Why supporting rural women’s agency, empowerment and influence in local governance is essential humanity

We can hear the women singing before we even arrive at Konta Bana Community in Port Loko District. “All ooman – comot nah do. All ooman comot nah do” – all women come outside.

We can hear the women singing before we even arrive at Konta Bana Community in Port Loko District. “All ooman – comot nah do. All ooman comot nah do” – all women come outside.

It’s a rallying cry for the Konta Bana women, and as #TheEUandMeRoadShow turned the corner, they came into sight. There were over 100 of them, dancing to show us just how much they valued the unprecedented victory of one of their number – Aminata Kamara, who stood for election as the village’s deputy head two years earlier. In a fiercely contested battle against a popular youth candidate, she triumphed in an environment which had never before even contemplated a female village head. It’s clear from the celebratory mood, that Konta Bana’s women remain delighted with their success.

As the village’s first deputy headwoman, Aminata has shown that gender relations in some of the most isolated corners of Sierra Leone can change, with sustained and committed support. In Port Loko, Bombali and Kambia, an EU-Trocaire project, with local implementing partner Centre for Democracy and Human Rights (CDHR), is working to help establish women’s farmer community-based organisations, providing advice and training so rural women understand and can confidently implement their legal rights. As a member of the Konta Bana group, Aminata had the backing of its members and the help of Trocaire and the Centre for Democracy and Human Rights to design and deliver a successful campaign.

Aminata now plays an important role within the community. She adjudicates disputes, contributes to the planning and implementation of village development and has been instrumental in a saving scheme that allows villagers to borrow money for bigger investments such as school fees.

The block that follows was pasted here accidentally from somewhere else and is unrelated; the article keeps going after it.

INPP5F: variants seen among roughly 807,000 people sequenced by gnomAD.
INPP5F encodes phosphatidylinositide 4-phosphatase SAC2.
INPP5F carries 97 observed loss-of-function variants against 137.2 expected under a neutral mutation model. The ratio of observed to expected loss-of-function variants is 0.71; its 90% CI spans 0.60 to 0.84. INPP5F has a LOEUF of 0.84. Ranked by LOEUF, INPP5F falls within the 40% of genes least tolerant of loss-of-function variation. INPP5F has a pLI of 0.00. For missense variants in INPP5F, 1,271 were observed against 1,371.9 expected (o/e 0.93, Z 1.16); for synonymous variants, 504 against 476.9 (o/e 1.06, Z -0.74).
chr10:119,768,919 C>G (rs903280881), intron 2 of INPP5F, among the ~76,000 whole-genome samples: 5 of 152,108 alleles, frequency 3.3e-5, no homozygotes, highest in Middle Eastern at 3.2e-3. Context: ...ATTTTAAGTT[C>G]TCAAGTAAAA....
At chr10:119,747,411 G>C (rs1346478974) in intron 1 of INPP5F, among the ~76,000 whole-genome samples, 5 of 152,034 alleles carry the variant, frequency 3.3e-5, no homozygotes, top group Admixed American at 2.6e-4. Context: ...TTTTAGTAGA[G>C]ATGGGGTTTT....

Her success represents ground-breaking change in her community and she is a strong role model for other women and girls with leadership aspirations.

From Konta Bana, #TheEUandMeRoadShow travelled with the Trocaire and CDHR team to meet Isatu Fofanah in Robaka (also in Port Loko).

There was joy here too, but the stories we heard revealed how society can push women to breaking point, despite laws that are there to protect them.

Isatu, a grandmother, is a member of the Robaka community based organisation. Such is the trauma of her experience, that she cries soundlessly at the memory of it. The tears dripped down her face, the entire time she narrated her story. They were reflected in the women around her, who had come to listen and provide support.

Isatu comes from a wealthy local landowning family. For years, she had been told that she was not entitled to family land. “It is taboo for women to own land”, her brothers told her.

She had been reduced to sleeping on the floor of a derelict garage with her children and grandchild, when information on her land rights from the EU-Trocaire project, and the backing of other women in the community organisation gave her the courage to challenge her brothers.

The struggle wasn’t an easy one, but with access to correct information, advice on how to present her case and fight for her rights, as well as the vocal and unflinching support of the other members of the women’s CBO, she eventually won her case.

She has built a small house for herself and her children. Behind it is a field, which allows her to do a little farming. Isatu has come a long way. She still cries, but she tells us that the support she received from the EU-Trocaire project – Civil Society Strengthened to Support Rural Women’s Agency, Empowerment and Influence in Local Governance and Agricultural Development Processes in Northern Sierra Leone – literally saved her life.

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